On Friday the heavily anticipated “Battle of the Sexes” film was released, starring Emma Jones and Steven Carell, and is getting generally positive reviews (here, here and here). But most of the treatment of the film is tied to the current American political atmosphere, which is becoming a default media position for just about any subject.
For those of us who remember the Billie Jean King vs. Bobby Riggs match in 1973, the cultural dynamics of that evening in Houston (and more importantly, in the weeks leading up to it) cannot be properly treated in a film.
Selena Roberts’ “A Necessary Spectacle,” published in in 2005, is a solid account that puts the political and cultural contexts in a largely proper perspective. Continue reading
One of the pleasures of growing up listening to baseball on the radio—rather than watching on television—was constantly thumbing the tuner on my transistor late at night to pick up clear signal stations beaming games from the West Coast.
I was supposed to be asleep, of course, as it was lights out at 10 o’clock for me, even in high school, and even in the summers. But the night owl in me improvised an occasional doubleheader that I suspected my mother may have known about, but never mentioned to me once.
After listening to Milo Hamilton and Ernie Johnson Sr. call an Atlanta Braves game, it was off to the late-night races, depending on who was playing in California: most often, it was the St. Louis Cardinals on KMOX, the Chicago Cubs on WGN and the Cleveland Indians on WWWE. Continue reading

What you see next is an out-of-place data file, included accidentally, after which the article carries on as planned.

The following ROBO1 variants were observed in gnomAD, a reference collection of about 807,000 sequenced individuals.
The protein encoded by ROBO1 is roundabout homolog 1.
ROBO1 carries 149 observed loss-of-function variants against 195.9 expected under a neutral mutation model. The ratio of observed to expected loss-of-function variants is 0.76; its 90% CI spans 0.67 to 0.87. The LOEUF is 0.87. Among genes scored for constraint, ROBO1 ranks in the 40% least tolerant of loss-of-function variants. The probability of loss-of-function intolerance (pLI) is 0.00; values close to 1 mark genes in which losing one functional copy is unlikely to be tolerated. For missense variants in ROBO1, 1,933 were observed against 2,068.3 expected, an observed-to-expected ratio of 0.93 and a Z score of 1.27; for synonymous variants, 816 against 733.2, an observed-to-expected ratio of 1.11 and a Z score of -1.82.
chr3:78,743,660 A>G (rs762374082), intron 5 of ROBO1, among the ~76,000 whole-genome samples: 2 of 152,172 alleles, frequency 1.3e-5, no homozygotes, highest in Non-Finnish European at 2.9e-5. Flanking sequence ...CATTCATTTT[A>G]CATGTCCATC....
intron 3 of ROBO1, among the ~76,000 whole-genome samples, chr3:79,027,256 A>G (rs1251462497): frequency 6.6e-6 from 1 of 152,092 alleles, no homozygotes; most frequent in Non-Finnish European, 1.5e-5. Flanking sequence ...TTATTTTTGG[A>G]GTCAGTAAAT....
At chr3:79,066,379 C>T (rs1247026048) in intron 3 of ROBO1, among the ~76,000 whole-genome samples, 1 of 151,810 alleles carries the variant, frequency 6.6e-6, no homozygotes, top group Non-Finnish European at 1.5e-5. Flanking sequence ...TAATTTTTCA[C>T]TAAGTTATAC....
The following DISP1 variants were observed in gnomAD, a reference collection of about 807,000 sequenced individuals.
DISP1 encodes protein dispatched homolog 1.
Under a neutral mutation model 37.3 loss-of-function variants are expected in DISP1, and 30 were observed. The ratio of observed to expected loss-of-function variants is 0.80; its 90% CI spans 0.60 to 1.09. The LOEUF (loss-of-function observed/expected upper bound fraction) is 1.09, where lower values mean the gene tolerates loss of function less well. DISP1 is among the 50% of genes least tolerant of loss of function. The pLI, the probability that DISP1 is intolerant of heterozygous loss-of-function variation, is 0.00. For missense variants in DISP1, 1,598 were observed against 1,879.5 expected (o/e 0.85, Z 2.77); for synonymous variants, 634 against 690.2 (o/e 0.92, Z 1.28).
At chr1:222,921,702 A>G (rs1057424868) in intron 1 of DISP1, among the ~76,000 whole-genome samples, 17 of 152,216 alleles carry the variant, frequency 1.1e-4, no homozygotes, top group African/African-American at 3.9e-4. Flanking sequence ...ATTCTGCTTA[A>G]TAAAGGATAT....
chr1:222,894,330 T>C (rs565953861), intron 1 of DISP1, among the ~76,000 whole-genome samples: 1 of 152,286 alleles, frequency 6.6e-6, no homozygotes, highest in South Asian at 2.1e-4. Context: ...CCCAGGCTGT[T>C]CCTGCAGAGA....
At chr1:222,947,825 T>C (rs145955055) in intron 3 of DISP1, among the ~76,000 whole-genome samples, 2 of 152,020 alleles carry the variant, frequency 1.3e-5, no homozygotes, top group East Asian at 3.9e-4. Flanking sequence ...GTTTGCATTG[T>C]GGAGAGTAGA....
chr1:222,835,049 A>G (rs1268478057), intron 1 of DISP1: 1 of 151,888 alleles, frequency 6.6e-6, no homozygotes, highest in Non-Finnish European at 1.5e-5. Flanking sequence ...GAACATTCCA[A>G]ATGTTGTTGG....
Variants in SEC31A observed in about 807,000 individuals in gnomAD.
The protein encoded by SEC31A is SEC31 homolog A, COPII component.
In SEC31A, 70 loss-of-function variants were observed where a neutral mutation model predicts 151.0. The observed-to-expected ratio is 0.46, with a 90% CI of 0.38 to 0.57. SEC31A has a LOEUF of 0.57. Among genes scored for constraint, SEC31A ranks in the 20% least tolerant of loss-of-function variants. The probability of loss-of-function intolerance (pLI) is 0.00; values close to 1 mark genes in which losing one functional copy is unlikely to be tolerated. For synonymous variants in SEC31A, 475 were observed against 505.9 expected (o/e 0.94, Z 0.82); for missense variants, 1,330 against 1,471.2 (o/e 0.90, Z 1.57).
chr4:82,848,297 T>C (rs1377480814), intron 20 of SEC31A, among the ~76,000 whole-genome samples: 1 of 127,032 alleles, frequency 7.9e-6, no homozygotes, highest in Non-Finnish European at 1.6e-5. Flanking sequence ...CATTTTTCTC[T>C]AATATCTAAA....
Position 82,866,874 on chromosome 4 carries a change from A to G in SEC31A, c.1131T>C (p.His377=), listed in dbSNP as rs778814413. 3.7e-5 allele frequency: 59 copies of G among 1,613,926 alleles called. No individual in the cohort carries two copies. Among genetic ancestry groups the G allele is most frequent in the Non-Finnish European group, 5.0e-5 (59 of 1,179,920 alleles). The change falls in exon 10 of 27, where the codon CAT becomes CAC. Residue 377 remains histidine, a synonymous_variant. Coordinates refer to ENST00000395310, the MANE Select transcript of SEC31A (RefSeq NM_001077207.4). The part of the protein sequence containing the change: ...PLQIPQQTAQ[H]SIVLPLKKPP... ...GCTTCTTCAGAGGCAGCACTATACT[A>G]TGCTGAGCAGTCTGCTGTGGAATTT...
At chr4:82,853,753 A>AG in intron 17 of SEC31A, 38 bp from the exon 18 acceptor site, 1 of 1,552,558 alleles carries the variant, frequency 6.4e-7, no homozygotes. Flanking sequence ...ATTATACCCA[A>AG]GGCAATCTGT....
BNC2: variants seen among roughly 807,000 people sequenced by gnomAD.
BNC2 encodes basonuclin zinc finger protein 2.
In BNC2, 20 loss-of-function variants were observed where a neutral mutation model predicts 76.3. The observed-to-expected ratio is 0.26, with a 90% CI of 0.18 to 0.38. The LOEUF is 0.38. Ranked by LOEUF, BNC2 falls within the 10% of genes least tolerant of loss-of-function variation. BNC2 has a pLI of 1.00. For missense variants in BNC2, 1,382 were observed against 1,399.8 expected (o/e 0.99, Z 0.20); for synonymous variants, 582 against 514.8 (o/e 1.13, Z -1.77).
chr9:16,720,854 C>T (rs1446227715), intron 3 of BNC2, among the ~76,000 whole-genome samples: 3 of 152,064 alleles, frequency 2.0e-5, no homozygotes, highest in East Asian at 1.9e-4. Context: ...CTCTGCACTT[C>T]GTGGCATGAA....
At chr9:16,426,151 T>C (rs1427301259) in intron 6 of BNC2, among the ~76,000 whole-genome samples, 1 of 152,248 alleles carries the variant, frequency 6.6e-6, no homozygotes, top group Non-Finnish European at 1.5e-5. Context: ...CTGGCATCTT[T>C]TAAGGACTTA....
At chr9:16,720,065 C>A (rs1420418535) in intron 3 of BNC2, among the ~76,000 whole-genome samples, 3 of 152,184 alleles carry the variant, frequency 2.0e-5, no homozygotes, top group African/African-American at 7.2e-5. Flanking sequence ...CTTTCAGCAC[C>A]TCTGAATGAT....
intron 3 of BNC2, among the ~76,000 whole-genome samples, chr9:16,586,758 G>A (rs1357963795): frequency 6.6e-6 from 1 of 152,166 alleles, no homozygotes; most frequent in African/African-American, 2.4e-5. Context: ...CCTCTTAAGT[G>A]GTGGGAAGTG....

The prelude to a new NFL season and its college counterpart has been a familiar one, laced with constant media treatment of American football’s cultural crossroads: Concussions, sexual violence and black activism. Will this be the year public consciousness about them changes?
Some football books published ahead of the season also drive home these topics, again not a surprising development. Some of these books have become increasingly strident as the football-loving fandom seemingly ignores them.
But are they?
More damning studies of brain disease in retired NFL players, criminal acts by players against women and social protests by African-American stars have become routine (and quite often overdone) storylines. Continue reading